Christmas travel plans derailed after RMT rejects pay offer meaning wave of festive strikes will take place

12 December 2022, 16:14 | Updated: 12 December 2022, 17:28

Rail strikes will go ahead for the planned December dates
Rail strikes will go ahead for the planned December dates. Picture: Alamy

By Emma Soteriou

RMT has confirmed Christmas rail strikes will go ahead after rejecting the latest pay offer from Network Rail.

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Members of the Rail, Maritime and Transport union (RMT) will press ahead with two 48-hour strikes at Network Rail - and 14 train companies - from Tuesday and Friday.

Trains will run from 7.30am to 6.30pm on this week's strike days, although many parts of the country will have no services, including most of Scotland and Wales.

More strikes are also planned between December 24 and 27.

The RMT said 63.6% voted to reject Network Rail's offer on an 83% turnout.

Read more: Emergency Cobra meeting today amid strike chaos, with plans for army and civil servants to cover walkouts

Read more: Christmas getaway chaos: When are train strikes in December and January and what rail networks are affected?

General secretary Mick Lynch said: "This is a huge rejection of Network Rail's substandard offer and shows that our members are determined to take further strike action in pursuit of a negotiated settlement.

"The Government is refusing to lift a finger to prevent these strikes and it is clear they want to make effective strike action illegal in Britain.

"We will resist that and our members, along with the entire trade union movement, will continue their campaign for a square deal for workers, decent pay increases and good working conditions."

RMT Mick Lynch said members are determined to take further strike action
RMT Mick Lynch said members are determined to take further strike action. Picture: Alamy

Network Rail chief executive Andrew Haines said: "The RMT leadership needs to think long and hard about what to do next. Further strike action will cause further misery for the rail industry and for their members who will lose pay.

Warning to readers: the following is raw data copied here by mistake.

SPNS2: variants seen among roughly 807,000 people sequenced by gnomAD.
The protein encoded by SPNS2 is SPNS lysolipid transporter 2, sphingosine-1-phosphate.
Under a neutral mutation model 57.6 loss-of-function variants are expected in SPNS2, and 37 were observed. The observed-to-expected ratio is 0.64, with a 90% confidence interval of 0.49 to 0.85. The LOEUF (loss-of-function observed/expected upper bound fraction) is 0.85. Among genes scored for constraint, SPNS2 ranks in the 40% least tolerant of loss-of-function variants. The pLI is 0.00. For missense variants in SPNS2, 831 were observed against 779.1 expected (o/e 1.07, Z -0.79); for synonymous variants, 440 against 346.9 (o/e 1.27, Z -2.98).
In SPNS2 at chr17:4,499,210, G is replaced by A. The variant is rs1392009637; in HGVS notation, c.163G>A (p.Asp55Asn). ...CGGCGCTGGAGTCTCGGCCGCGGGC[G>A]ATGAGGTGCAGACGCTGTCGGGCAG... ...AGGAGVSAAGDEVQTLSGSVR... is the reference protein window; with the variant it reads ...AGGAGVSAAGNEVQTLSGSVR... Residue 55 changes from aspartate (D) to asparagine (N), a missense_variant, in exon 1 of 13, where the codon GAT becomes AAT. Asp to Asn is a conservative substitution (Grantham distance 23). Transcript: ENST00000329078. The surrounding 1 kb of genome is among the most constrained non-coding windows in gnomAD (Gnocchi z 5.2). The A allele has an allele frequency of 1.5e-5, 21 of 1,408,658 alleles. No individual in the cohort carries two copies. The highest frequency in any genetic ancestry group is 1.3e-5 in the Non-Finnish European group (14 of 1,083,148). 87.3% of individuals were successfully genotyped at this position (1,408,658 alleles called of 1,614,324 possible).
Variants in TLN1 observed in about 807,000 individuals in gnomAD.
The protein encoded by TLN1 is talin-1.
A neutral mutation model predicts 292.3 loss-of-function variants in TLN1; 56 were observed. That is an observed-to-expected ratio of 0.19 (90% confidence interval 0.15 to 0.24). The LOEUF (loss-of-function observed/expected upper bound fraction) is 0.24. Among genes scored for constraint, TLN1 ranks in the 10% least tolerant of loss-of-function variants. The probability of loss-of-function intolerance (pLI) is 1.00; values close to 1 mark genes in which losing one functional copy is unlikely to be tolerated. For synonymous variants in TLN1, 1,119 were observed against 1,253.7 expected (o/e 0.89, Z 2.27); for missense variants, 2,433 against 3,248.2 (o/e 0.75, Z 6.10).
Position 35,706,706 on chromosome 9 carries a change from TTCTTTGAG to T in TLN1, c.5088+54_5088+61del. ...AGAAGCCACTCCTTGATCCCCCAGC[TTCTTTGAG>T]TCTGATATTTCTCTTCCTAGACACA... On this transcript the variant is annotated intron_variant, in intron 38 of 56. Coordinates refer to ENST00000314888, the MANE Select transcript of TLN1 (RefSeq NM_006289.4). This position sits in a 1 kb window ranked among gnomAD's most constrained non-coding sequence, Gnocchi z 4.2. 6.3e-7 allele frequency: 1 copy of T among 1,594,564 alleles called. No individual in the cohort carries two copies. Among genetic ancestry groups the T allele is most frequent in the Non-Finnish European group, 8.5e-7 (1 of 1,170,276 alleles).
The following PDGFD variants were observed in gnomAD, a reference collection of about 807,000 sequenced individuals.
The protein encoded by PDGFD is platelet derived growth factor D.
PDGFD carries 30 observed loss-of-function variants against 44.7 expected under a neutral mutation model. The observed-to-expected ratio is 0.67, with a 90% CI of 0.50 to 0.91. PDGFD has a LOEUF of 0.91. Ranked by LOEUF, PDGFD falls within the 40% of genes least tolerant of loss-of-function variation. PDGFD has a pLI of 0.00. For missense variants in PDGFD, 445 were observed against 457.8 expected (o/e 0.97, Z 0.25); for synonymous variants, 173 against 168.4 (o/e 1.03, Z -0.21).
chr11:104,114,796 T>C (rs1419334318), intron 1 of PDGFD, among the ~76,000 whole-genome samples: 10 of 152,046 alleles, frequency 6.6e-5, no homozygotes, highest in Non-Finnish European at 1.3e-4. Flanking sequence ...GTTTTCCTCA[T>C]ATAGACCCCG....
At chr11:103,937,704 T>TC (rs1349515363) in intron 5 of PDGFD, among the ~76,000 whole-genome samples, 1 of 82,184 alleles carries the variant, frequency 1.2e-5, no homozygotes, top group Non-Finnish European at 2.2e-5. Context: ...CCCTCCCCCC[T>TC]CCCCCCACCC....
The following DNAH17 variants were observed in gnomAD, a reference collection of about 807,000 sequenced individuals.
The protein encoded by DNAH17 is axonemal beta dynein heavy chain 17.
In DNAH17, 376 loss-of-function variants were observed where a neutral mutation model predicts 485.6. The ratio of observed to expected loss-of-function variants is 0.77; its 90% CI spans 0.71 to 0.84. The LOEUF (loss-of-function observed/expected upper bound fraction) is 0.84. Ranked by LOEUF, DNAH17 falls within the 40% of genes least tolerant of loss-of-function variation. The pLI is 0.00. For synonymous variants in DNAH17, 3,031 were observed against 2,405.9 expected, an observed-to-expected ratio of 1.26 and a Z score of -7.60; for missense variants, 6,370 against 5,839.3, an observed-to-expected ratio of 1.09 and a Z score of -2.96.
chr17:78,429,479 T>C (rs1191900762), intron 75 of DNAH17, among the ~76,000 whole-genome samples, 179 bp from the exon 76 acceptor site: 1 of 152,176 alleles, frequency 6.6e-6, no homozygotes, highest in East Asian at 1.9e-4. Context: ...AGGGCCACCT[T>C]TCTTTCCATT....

"This news is especially frustrating given that we learnt today that colleagues represented by Unite union have accepted the very same offer put to RMT members. The RMT are the outliers here. They need to stop playing politics and work with us to bring this dispute to an end.

"There is clearly a significant number of Network Rail colleagues who want this deal but are caught up by these needless strikes and collective bargaining.

"Our offer, which is worth over 9% with a guarantee of no compulsory redundancies and no changes to anyone's terms and conditions, remains on the table.

"Our railway still faces a real financial crisis and because of that we will continue with the consultation around the implementation of the maintenance reforms.

"Sadly, with strikes now set to go ahead, passengers can expect to see widespread rail disruption throughout the week. We will continue to work closely with operators to run as many services as possible but we continue to ask passengers to only travel if absolutely necessary."

Rail strikes will cause more travel chaos for Brits.
Rail strikes will cause more travel chaos for Brits. Picture: Alamy

Despite RMT standing firm, a strike by members of Unite at Network Rail will not go ahead after they voted to accept the offer.

Network Rail had offered a 5% pay rise for this year - backdated to January - with another 4% at the start of 2023 and a guarantee of no compulsory job losses until January 2025.

The RMT's executive recommended rejecting the offer, saying it was linked to "significant" changes to working practices.

It comes after ministers held an emergency cobra meeting on Monday to discuss plans for civil servants and military staff to provide cover for striking workers.

Paramedics, nurses, Royal Mail staff, and Border Force officials are also among those staging walkouts in disputes over pay, jobs, and conditions.

Last night, Cabinet Office minister Oliver Dowden urged union bosses to call off the "damaging" strike action.

"The stance the unions have taken will cause disruption for millions of hardworking people over the coming weeks," he said.

Mr Dowden, who will led the meeting today, and will do on Wednesday too, said the government was working to keep disruption "to a minimum", though he acknowledged key services would suffer.

He said that inflation-level pay rises across the public sector would cost taxpayers £28billion, which works out to nearly £1,000 per household.

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